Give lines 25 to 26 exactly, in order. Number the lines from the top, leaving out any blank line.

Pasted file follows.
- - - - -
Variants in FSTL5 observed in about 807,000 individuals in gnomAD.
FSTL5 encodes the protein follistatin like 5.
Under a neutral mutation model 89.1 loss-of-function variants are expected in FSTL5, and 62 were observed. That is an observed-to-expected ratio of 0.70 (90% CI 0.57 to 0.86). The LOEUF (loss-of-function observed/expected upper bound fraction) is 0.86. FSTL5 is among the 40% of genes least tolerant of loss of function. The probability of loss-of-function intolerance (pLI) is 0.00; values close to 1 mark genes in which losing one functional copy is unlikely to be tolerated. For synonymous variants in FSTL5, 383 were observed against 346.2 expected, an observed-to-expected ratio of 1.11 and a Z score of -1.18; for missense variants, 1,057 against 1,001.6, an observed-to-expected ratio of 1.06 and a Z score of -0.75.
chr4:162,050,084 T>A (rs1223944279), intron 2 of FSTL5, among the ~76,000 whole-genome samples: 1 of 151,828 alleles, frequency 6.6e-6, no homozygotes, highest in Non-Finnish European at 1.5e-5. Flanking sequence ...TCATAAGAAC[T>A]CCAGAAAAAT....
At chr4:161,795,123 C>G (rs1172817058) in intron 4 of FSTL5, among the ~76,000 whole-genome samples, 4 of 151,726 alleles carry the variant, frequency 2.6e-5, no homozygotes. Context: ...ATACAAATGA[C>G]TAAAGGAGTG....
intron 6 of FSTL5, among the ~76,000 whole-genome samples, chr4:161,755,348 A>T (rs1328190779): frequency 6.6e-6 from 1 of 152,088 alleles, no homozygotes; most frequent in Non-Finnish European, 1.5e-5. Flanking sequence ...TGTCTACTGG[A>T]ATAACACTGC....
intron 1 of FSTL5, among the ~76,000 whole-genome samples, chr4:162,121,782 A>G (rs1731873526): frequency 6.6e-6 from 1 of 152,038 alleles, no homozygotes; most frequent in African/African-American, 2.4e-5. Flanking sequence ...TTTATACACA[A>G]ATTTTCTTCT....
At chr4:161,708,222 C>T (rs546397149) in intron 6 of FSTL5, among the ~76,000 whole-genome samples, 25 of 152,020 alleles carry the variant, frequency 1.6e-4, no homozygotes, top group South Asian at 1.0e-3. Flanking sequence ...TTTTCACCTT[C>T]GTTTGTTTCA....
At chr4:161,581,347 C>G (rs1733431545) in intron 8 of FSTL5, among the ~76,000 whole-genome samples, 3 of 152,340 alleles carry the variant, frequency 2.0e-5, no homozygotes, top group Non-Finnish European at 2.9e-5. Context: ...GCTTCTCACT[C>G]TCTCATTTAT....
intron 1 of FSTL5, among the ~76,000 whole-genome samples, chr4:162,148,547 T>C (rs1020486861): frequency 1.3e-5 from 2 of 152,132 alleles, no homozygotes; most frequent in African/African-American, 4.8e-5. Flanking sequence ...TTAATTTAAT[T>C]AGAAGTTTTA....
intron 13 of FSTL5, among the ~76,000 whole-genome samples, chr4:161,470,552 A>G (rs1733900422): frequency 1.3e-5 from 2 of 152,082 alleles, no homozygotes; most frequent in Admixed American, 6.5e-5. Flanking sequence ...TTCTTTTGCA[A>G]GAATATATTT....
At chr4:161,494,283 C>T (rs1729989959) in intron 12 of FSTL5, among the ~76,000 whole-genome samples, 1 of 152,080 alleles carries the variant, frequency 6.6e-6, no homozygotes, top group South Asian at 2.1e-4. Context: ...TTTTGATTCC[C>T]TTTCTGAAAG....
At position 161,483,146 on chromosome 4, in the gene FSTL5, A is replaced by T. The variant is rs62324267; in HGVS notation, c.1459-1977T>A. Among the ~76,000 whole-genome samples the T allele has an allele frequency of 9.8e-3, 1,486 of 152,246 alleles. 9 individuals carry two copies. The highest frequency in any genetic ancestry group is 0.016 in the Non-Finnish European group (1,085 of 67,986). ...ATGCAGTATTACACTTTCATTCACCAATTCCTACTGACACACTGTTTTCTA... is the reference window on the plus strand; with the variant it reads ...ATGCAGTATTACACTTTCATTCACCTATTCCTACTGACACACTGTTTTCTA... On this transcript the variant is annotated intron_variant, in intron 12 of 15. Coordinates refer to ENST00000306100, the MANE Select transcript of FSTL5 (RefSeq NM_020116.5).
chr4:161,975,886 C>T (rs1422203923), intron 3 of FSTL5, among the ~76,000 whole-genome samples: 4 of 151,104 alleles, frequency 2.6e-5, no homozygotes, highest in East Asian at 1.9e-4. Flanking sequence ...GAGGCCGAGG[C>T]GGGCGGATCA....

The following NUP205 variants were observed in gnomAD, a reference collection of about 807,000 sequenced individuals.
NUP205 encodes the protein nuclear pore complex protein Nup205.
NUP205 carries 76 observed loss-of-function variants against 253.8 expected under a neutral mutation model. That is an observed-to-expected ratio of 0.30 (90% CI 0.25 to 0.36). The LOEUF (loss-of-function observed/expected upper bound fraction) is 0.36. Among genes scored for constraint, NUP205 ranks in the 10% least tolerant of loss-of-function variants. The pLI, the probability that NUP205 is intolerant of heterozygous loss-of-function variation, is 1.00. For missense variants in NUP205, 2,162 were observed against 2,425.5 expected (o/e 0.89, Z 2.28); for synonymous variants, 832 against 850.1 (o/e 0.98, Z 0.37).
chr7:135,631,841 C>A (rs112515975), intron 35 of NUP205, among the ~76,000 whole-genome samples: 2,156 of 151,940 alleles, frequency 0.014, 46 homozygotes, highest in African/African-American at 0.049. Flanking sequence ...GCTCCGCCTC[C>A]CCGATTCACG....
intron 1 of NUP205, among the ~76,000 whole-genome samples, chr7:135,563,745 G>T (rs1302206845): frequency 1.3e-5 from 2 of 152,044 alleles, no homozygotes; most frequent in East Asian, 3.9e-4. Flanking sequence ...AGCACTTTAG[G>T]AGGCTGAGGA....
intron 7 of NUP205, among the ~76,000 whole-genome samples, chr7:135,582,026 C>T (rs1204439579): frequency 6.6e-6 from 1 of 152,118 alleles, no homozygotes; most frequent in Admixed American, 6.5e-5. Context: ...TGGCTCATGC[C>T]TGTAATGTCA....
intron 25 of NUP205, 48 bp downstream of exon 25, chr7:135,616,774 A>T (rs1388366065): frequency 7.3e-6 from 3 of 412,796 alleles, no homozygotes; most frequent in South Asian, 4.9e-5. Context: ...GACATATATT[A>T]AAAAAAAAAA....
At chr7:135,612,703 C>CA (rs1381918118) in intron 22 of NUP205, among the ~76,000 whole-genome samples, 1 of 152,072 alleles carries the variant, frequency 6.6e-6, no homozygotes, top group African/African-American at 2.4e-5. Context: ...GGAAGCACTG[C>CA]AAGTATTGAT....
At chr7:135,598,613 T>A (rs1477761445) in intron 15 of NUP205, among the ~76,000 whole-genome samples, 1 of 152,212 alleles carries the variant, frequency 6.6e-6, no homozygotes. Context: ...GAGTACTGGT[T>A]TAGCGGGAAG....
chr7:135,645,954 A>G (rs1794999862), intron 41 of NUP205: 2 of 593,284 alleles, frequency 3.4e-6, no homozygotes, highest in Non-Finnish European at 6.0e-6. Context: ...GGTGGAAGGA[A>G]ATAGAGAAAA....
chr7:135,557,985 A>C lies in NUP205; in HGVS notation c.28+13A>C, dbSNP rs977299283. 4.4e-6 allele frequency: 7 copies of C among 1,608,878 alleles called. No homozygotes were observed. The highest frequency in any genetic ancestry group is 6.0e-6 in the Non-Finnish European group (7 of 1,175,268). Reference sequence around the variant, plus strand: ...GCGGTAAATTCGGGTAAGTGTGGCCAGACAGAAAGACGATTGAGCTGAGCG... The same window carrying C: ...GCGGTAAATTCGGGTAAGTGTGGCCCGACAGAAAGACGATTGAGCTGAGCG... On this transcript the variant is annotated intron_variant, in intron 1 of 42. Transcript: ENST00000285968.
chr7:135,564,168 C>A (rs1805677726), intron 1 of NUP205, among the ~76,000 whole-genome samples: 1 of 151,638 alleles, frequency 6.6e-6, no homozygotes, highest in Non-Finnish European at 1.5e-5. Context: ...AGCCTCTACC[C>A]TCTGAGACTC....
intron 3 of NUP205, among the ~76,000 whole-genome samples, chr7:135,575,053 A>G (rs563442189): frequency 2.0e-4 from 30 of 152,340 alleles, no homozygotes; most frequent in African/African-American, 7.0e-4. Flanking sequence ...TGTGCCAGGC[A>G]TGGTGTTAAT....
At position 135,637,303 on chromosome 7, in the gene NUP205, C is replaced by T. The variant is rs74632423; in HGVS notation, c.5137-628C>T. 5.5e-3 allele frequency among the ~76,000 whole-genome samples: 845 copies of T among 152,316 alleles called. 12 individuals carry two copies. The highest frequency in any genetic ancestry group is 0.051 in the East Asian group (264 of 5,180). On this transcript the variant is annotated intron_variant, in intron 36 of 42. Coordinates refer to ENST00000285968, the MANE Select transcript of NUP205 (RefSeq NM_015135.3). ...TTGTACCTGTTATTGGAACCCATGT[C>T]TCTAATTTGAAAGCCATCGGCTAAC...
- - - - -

chr7:135,557,985 A>C lies in NUP205; in HGVS notation c.28+13A>C, dbSNP rs977299283. 4.4e-6 allele frequency: 7 copies of C among 1,608,878 alleles called. No homozygotes were observed. The highest frequency in any genetic ancestry group is 6.0e-6 in the Non-Finnish European group (7 of 1,175,268). Reference sequence around the variant, plus strand: ...GCGGTAAATTCGGGTAAGTGTGGCCAGACAGAAAGACGATTGAGCTGAGCG... The same window carrying C: ...GCGGTAAATTCGGGTAAGTGTGGCCCGACAGAAAGACGATTGAGCTGAGCG... On this transcript the variant is annotated intron_variant, in intron 1 of 42. Transcript: ENST00000285968.
chr7:135,564,168 C>A (rs1805677726), intron 1 of NUP205, among the ~76,000 whole-genome samples: 1 of 151,638 alleles, frequency 6.6e-6, no homozygotes, highest in Non-Finnish European at 1.5e-5. Context: ...AGCCTCTACC[C>A]TCTGAGACTC....